Urban sprawl spreads into slang
, a quick and easy guide to the new language of urban design. Boomburbs, Zoomburbs, Snoutscapes, Ball porks, ground cover, all words with a pitifully low Google
hit rate (so they must be onto something new). I remember reading something not so long ago that blasted the West Coast's prediliction for generously spaced suburban tracts, modernist houses that presented themselves to the street via their garage first, with scarcely any indication of the home contained behind it.
In particular, the Eichler Home
came in for some stick (see also the Eichler Network
), deemed just as guilty (if not more so) than the fashionably oxymoronic Colonial-style McMansion
with its jarring three-car garage (the owners of this page
, the Mc-Tastic 'Parade of Homes
', are smart enough to ensure that a search for 'McMansion' throws up their site).
And it's true, the public face of a typical Eichler plan
is restricted to a car port and a garage, effectively turning its back on the life of the street in favour of a secluded patio at the rear. The houses at Memorial Bend
, mentioned earlier, follow a similar pattern. This streetscape is what the above article refers to as a 'Snoutscape', its 'nose' to the street.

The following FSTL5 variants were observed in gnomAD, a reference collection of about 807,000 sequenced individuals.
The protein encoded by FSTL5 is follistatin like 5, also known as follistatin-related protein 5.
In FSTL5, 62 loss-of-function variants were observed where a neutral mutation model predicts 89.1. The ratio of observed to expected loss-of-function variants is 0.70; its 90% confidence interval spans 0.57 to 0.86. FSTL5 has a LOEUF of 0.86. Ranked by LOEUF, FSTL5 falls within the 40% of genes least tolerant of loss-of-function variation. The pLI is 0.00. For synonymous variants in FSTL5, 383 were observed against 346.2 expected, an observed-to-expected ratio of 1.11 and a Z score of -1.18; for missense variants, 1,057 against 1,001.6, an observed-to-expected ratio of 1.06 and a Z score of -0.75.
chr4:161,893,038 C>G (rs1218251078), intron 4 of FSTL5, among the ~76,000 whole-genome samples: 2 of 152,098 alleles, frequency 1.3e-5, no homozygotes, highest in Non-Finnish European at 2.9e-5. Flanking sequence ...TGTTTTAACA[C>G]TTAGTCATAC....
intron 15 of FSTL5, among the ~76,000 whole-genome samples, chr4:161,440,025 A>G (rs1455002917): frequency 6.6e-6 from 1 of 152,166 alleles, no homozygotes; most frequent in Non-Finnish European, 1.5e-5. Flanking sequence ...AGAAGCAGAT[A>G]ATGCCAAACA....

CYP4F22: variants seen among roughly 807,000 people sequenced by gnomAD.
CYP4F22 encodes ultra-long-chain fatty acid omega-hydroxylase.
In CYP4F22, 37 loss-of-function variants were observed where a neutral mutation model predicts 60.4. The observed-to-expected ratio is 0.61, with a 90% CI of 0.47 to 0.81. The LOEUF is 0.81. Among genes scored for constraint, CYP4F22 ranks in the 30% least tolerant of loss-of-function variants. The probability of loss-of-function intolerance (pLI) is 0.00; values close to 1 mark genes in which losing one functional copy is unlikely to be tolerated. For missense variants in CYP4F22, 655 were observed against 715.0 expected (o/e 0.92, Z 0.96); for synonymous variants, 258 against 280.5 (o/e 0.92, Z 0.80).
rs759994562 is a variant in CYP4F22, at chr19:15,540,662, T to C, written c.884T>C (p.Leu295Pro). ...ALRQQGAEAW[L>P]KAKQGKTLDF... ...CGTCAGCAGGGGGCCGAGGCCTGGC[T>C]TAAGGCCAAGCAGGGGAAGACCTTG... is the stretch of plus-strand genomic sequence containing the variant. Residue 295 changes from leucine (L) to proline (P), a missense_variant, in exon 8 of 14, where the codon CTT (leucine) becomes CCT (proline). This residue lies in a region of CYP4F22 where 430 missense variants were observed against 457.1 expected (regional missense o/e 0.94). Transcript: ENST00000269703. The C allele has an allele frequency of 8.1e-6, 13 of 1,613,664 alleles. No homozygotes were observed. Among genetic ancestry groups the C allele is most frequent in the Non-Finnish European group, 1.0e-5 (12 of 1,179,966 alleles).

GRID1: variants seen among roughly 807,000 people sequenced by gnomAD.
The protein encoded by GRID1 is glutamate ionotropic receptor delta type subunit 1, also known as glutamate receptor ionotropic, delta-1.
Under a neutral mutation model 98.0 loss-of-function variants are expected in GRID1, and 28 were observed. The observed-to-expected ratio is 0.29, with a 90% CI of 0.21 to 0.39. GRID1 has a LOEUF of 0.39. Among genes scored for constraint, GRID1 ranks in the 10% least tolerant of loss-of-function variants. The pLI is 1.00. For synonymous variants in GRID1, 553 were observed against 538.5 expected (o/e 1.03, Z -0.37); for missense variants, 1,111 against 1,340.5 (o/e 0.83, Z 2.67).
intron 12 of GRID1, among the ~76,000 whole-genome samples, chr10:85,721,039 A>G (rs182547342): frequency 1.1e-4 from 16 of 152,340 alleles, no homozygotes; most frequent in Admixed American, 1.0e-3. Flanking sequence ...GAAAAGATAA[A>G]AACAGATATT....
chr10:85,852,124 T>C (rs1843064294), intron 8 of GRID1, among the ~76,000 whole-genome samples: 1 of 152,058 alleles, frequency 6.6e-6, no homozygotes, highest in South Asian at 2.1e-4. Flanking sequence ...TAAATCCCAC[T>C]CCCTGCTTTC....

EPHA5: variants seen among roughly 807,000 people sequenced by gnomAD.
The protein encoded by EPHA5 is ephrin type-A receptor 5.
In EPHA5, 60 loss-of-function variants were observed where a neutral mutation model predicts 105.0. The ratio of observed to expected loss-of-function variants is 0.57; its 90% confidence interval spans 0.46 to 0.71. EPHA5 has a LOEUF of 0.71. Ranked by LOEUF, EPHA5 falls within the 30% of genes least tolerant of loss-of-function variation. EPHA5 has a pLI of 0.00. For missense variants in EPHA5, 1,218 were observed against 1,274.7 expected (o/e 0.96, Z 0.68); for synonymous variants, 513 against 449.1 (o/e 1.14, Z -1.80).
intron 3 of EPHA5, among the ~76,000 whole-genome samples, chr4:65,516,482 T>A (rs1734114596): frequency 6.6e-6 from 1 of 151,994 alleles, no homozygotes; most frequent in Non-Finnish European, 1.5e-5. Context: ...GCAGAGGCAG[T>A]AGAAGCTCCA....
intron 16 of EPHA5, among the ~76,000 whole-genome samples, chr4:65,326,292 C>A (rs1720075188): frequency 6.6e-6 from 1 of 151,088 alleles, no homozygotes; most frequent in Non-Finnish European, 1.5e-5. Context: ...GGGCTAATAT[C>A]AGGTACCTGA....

Other definitions include 'Zoomburbs' (an even faster-growing Boomburb
, a 'suburb undergoing rapid population growth
') and 'Ball Pork' ('... a sports stadium built with public money for the benefit of a privately owned athletic team.'). Interesting stuff, although we rather think the term 'Putting parsley around the pig', described as 'minimal landscaping to decorate mundane large developments.' is one of those joke metaphors that bored marketing types like to make up in meetings to bamboozle clients ('let's put this cat on the patio and see if it walks'). Sort of related, City-Data
, reams of statistics about US cities.
Elsewhere. Don't be like us and lose twenty minutes from a horrifically busy schedule with turbo tanks
/ the dinky Peugeot 204
/ Doodles, Drafts & Designs
: Industrial Drawings from the Smithsonian
) / Clutter and Junk
at the Giornale Nuovo
, with some tasty snippets of RP